Lee is forced to take a break from his routine and to return home where he has to deal not only with the loss of his brother, but with his teenage nephew as well, not to mention the ghosts of his own past. To make things worse, his nephew is a total asshole. The kid is self-absorbed, rash, has hockey practice, basketball practice, band practice, 2 girlfriends and cannot possible comprehend that life is not about him and his needs.
The movie is fairly long as it is, over 2 hours but given its pace and subject matter, it might seem a lot longer than that. To be honest, I cannot think of anything that important that could not be edited to make this movie shorter and it is my opinion that a 100-110 minutes’ runtime would have been much better than the actual runtime of 137 minutes. Most of time is used to show the interaction between Lee and his nephew, which, except for a couple of brief moments of actual communication, is mostly shouting and mutual indifference. This part definitely could have been a lot shorter. Another big part of the time is used up by flashbacks that presents Lees backstory, why he is such a tragic character and why his brother was so important. This part actually works as it is much more relevant to the overall story than all that garnish we are presented in present time. Also, Kyle Chandler gives an excellent performance despite the small material he is given. I dare to say that he is the best part of the movie. The remaining of the movie is filled up with Lees interaction with other characters, or by some scenes where his nephew is the protagonist, since him too has a small story arc, also tragic. Most of these scenes are only there to move the story along, conversation in the hospital, conversation at the funeral house, conversation with the lawyer about the will…. Elements that you would expect in a story like this but they are rather 2 dimensional, with no depth whatsoever and I cannot decide if this is a flaw in the script or if it is deliberate approach, to highlight just how superficial and empty our day by day interactions with each other really are and to provide just one more reason for Lee to choose a self-imposed exile from society. There is a particular scene which makes me think of this, where, during the wake, Lee is asked by his friend if he had anything to eat that day and then proceeds automatically to ask his wife to bring him some food. Naturally, the wife is on the other side of a packed room and the 2 cannot carry an intelligible conversation with each other so after like 2 minutes of shouting nothing really happens, which is kind of what Lee wants, nothing. There is one very important exchange of words towards the end of the movie, between Lee and his ex-wife, which is really important and the delivery of which made by Michelle Williams was highly appreciated, earning her an academy award nomination. It is a short scene, but with a big punch. Casey Affleck brings a solid performance as Lee in a “less is more” fashion, which in this case fits like a glove. He did get the Oscar for this role, so he definitely got it right. I have yet to see all the nominated performances to give a verdict if the academy got it right, but so far I agree with this decision.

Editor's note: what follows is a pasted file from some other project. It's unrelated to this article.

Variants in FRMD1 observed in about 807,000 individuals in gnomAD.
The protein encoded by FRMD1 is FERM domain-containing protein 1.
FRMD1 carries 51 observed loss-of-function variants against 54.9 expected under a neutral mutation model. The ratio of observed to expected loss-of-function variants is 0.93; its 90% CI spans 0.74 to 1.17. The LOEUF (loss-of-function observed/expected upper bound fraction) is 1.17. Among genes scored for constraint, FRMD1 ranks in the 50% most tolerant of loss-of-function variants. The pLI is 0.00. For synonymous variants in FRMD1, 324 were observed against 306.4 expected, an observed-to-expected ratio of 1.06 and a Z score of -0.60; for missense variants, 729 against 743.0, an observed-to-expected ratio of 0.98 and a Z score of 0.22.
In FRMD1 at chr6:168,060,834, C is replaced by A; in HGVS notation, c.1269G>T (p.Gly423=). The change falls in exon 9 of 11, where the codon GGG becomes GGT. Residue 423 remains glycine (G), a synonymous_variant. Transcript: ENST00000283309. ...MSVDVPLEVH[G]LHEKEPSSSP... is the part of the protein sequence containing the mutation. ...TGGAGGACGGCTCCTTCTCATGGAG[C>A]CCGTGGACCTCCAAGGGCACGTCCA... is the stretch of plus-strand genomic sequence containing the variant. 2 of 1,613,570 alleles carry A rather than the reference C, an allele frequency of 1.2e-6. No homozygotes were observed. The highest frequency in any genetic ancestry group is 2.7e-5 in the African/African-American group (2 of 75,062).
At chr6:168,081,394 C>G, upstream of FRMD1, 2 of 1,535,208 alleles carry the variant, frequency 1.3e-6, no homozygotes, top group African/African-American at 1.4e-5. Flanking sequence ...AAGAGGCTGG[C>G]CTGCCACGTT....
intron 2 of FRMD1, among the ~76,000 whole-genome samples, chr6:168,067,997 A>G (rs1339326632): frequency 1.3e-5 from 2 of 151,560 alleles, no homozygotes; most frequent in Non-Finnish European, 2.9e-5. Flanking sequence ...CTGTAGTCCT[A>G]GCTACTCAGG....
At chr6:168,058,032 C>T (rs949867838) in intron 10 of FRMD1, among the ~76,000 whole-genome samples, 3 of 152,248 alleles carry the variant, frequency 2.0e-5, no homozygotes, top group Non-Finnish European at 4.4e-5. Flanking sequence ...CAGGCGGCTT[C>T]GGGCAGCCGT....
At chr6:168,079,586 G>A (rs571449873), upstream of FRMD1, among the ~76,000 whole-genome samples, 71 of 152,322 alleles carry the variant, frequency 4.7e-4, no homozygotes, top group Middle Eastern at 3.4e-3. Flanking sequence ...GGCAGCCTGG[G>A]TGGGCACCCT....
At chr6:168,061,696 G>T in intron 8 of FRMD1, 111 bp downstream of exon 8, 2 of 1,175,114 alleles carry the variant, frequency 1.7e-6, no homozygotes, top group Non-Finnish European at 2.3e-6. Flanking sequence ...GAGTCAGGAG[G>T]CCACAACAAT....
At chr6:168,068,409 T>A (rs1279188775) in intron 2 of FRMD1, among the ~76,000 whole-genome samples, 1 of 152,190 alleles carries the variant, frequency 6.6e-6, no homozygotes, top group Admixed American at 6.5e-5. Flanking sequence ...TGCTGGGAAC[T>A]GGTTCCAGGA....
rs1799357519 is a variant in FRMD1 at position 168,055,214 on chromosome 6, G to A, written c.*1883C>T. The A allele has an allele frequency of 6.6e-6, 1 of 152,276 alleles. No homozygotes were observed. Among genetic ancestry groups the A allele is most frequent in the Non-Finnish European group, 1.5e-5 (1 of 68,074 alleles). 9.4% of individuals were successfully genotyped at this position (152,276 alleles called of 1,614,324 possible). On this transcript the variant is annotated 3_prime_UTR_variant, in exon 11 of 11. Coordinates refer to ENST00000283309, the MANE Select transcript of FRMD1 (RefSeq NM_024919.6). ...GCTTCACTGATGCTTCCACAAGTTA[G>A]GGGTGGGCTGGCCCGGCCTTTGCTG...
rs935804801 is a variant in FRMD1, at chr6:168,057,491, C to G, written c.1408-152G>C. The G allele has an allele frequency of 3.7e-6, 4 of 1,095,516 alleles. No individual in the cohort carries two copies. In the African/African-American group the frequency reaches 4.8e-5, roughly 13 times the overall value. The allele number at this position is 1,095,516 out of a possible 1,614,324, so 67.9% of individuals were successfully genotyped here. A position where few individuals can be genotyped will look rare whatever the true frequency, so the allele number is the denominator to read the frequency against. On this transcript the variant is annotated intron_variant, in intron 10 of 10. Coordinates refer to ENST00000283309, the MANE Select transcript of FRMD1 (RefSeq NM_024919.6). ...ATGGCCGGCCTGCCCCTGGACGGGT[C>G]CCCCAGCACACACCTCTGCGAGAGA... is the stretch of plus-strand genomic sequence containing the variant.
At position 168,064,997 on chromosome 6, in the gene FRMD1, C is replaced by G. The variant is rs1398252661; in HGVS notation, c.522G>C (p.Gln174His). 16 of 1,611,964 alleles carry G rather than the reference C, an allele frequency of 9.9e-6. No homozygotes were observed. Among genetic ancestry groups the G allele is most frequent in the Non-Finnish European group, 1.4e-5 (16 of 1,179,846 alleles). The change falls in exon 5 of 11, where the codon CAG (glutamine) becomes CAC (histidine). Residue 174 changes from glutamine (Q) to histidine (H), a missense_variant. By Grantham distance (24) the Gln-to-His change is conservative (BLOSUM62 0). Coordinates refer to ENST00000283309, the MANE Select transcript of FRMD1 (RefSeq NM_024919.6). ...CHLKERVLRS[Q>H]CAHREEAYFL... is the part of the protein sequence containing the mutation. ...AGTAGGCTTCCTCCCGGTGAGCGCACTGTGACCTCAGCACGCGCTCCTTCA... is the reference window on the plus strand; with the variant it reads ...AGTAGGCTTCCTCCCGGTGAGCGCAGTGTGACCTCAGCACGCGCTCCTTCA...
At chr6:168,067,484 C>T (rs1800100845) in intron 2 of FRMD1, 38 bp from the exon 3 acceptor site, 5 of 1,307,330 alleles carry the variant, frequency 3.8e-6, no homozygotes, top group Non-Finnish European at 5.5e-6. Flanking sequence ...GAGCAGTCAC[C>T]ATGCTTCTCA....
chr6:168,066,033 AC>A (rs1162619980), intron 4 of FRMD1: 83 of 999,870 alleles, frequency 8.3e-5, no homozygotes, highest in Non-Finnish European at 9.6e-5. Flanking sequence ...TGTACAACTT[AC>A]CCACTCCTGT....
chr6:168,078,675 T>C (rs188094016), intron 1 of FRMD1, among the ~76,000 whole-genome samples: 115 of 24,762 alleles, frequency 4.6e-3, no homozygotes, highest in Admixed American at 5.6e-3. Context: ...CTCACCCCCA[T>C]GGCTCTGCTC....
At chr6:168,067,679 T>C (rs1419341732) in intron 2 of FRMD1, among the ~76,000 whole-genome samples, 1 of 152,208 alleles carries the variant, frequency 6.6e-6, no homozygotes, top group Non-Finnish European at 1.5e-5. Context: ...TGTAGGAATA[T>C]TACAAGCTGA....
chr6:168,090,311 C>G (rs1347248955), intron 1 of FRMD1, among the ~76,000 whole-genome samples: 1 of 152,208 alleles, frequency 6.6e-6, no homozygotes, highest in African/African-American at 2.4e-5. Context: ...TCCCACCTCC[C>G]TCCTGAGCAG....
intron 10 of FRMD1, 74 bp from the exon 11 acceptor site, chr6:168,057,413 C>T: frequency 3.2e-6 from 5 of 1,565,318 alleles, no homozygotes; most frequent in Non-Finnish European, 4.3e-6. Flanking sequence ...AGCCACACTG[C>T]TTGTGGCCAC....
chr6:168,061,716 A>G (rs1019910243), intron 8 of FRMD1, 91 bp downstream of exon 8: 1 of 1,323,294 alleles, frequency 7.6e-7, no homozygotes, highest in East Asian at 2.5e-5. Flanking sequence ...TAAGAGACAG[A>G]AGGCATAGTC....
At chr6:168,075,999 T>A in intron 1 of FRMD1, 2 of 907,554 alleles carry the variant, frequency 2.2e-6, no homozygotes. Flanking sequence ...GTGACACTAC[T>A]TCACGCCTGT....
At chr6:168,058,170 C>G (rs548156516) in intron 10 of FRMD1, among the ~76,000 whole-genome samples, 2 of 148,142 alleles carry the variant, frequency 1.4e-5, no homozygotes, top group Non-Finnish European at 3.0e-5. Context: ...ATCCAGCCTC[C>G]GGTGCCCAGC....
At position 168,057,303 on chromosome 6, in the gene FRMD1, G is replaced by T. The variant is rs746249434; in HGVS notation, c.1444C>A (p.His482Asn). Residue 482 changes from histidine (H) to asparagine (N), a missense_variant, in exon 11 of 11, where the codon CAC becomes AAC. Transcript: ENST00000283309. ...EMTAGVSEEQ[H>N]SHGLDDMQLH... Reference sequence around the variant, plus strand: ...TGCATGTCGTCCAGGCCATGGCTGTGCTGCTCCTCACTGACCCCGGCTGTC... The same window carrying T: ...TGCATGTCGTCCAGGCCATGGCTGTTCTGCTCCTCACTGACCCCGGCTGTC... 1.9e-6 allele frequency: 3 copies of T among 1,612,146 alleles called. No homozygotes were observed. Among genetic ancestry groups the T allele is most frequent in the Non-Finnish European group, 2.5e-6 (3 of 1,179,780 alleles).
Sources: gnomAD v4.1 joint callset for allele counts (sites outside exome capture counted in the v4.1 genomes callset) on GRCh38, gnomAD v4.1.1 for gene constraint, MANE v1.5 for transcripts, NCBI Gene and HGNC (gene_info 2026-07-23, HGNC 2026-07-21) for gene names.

There really isn’t much more to say about this movie without spoiling some of its plot points. It is a good movie, but difficult to sit through and most likely, you will not revisit it, ever… It is a movie that exists firstly for the actors and not the audience, and while I can and do appreciate its value in an objective fashion, I do wonder, was it necessary to make it?